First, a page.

Additional sections of the California coast will open up to recreational ocean salmon fishing in June. In the Klamath Management Zone, which is the area between the Oregon/California state line and Horse Mountain (40° 05’ 00” N. latitude), the season will open June 1 and continue through Sept. 3, 2018. The Fort Bragg and San Francisco areas, which extend from Horse Mountain to Point Arena (38° 57’ 30” N. latitude) and Point Arena to Pigeon Point (37° 11’ 00” N. latitude), respectively, will open June 17 and continue through Oct. 31, 2018. The Monterey area between Pigeon Point and the U.S./Mexico Border opened on Apr. 7 and will continue through July 2, 2018.

Shorter recreational ocean seasons in 2018 are the result of two key California salmon stocks attaining ‘overfished’ status this year. Both Sacramento River fall Chinook and Klamath River fall Chinook have experienced three successive years of poor adult returns, in response to the drought and poor conditions for survival.

The minimum size limit is 20 inches total length in all areas north of Pigeon Point and 24 inches in all areas south of Pigeon Point. The daily bag limit is two Chinook salmon per day. No more than two daily bag limits may be possessed when on land. On a vessel in ocean waters, no person shall possess or bring ashore more than one daily bag limit. Retention of Coho Salmon (also known as Silver Salmon) is prohibited in all ocean fisheries off California.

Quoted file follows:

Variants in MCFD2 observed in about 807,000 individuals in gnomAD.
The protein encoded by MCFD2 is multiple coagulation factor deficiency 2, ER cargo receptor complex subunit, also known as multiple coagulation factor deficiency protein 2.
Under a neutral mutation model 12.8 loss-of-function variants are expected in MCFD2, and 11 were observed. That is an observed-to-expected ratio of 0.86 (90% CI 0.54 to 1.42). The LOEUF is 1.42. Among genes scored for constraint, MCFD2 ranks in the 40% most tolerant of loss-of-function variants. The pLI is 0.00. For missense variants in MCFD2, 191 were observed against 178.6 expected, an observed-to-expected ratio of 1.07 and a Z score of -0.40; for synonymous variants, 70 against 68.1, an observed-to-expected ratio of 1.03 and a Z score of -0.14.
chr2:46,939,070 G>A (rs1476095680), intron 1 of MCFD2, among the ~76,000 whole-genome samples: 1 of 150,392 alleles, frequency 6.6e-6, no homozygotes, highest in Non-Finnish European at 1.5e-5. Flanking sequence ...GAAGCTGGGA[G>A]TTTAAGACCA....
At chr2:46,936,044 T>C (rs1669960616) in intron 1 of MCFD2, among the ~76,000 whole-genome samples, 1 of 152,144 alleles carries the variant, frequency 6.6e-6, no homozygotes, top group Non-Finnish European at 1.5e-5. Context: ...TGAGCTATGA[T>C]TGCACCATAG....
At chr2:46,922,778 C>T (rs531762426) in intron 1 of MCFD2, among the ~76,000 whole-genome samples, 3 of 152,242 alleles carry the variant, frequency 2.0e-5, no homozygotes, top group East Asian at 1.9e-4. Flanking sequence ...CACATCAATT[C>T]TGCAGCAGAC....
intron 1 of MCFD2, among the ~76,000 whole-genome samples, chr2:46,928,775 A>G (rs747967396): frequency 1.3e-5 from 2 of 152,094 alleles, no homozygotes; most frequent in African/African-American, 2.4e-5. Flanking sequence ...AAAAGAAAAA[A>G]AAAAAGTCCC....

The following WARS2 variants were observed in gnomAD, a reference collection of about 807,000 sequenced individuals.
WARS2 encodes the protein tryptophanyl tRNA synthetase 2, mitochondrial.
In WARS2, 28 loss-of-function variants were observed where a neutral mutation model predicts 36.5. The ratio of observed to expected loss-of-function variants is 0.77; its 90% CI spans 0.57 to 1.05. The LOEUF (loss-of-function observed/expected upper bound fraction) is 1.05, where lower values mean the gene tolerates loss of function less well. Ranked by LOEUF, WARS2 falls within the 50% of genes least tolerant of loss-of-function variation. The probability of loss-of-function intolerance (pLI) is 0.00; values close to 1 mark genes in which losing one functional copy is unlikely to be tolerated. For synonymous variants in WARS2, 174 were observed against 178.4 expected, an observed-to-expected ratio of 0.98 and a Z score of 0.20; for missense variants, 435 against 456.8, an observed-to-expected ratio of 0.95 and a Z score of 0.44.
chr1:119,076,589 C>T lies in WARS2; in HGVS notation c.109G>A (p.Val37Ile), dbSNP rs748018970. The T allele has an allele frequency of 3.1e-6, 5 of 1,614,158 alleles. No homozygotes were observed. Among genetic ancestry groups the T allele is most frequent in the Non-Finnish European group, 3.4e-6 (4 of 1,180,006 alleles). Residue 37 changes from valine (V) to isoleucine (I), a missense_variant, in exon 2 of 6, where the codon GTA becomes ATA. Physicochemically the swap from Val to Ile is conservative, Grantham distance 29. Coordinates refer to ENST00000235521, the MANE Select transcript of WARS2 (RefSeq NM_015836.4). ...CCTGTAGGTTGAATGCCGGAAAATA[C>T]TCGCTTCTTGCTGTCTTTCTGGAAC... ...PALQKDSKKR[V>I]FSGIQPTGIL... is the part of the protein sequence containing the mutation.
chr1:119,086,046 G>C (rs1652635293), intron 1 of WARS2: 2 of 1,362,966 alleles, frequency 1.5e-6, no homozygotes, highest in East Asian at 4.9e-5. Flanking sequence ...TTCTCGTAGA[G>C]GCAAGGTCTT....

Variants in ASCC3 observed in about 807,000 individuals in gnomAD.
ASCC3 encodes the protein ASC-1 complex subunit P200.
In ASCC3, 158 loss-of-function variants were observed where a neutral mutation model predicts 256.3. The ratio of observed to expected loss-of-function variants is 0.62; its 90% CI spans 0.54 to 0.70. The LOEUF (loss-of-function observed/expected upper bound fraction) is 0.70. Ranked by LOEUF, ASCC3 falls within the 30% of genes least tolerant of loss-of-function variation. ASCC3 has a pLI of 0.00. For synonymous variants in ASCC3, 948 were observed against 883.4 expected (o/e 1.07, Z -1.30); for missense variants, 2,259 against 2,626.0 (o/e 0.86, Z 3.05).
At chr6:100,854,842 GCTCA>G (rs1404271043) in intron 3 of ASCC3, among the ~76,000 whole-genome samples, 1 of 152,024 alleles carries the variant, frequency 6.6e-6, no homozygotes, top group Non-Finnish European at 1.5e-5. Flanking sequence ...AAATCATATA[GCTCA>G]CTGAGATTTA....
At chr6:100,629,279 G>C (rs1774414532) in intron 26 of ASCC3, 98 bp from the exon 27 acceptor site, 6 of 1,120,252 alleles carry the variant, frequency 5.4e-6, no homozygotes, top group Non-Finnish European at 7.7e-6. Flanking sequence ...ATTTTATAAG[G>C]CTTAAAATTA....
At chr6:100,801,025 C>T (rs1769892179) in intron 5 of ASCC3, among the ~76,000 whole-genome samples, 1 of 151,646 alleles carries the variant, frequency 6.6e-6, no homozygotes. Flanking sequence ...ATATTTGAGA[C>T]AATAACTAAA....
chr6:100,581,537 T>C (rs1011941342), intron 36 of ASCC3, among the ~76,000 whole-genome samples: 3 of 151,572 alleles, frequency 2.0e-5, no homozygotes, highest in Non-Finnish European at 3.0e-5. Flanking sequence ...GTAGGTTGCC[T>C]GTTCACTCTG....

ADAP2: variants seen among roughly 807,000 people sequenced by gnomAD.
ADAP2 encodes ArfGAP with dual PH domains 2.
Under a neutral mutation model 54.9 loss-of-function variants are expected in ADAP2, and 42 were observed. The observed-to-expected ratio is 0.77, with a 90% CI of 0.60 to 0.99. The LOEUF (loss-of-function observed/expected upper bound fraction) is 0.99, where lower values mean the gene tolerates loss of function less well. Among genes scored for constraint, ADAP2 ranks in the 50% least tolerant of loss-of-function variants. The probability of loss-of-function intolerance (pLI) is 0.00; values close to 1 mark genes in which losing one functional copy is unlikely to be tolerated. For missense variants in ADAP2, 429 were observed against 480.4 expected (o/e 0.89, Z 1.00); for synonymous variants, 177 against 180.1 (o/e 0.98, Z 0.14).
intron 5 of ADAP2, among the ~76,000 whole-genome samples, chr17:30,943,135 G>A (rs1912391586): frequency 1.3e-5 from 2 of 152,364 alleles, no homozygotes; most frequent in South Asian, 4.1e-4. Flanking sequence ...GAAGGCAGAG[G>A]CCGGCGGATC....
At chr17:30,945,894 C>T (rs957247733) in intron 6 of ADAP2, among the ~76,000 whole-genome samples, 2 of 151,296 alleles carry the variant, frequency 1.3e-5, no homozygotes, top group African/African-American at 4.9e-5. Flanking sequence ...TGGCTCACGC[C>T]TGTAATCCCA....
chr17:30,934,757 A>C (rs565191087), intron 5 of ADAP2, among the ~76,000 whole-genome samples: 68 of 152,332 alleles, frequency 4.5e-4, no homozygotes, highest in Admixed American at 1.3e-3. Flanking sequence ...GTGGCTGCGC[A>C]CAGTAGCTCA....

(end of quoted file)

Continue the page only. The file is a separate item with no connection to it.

In 2019, the recreational ocean salmon season will open Apr. 6 south of Horse Mountain. The minimum size limit will be 20 inches total length in the area from Horse Mountain to Point Arena and 24 inches total length in all areas south of Point Arena. The daily bag limit will be two Chinook salmon per day. The remainder of the 2019 ocean salmon season will be decided at the PFMC meeting in April 2019.

For the first time, state ocean salmon regulations will automatically conform to federal regulations using the new process described in the California Code of Regulations, Title 14, Section 1.95.  Federal regulations for ocean salmon were published in the Federal Register (83 FR 19005) on May 1, 2018, and are effective as of May 1, 2018.

Public notification of any in-season change is made through the National Marine Fisheries Service Ocean Salmon Hotline. Before engaging in any fishing activity for ocean salmon, please check one of the following resources for the most up-to-date information:

  • CDFW website, www.wildlife.ca.gov/oceansalmon
  • National Marine Fisheries Service Ocean Salmon Hotline, (800) 662-9825
  • CDFW Ocean Salmon Hotline, (707) 576-3429

 

Media Contacts:
Kandice Morgenstern, CDFW Marine Region, (707) 576-2879
Harry Morse, CDFW Communications, (916) 323-1478